Being President of the United States comes with exceptional powers and responsibilities. These include being Commander-in-Chief of the US Armed Forces. For this reason, during presidential elections, considerable attention has traditionally been given to candidates’ history of military service. Most residents of the White House could claim to have served in a branch of the military, and some even had a remarkable wartime record.
During the early history of the United States whether someone had served in the military became an issue likely in part because of George Washington. The first President had not only been a soldier, but during the Revolutionary War had also been chosen to be the commander of the Continental Army. He also previously fought for the British side in the French and Indian War, distinguishing himself with his bravery and organizational skills. One time he had two horses shot from underneath him, and his hat and jacket were both pierced by bullets. But he also experienced his share of failure, as one time he was forced to surrender to the French and their allies, and he also played an active role in the British defeat at the Monongahela.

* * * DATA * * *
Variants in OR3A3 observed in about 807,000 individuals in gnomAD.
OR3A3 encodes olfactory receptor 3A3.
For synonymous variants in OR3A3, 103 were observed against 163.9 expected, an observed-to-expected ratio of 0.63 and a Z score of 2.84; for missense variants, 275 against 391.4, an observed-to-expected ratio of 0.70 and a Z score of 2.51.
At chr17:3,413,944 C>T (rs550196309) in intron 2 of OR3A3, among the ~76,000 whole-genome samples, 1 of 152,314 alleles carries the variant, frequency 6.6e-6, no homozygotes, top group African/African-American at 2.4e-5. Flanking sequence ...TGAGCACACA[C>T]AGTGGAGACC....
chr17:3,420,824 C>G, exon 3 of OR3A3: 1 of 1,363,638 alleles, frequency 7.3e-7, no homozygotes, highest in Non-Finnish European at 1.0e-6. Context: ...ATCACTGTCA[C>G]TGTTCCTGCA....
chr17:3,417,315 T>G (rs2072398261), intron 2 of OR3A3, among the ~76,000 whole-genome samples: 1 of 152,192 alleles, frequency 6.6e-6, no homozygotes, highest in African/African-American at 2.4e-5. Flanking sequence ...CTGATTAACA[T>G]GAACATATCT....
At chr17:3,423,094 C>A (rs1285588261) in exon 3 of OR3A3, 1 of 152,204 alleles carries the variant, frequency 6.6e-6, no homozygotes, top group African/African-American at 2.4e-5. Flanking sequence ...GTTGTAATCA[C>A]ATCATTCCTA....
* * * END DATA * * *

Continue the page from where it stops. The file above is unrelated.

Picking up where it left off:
This article is not part of our free offer. You either have to purchase this article or buy a subscription in order to read it.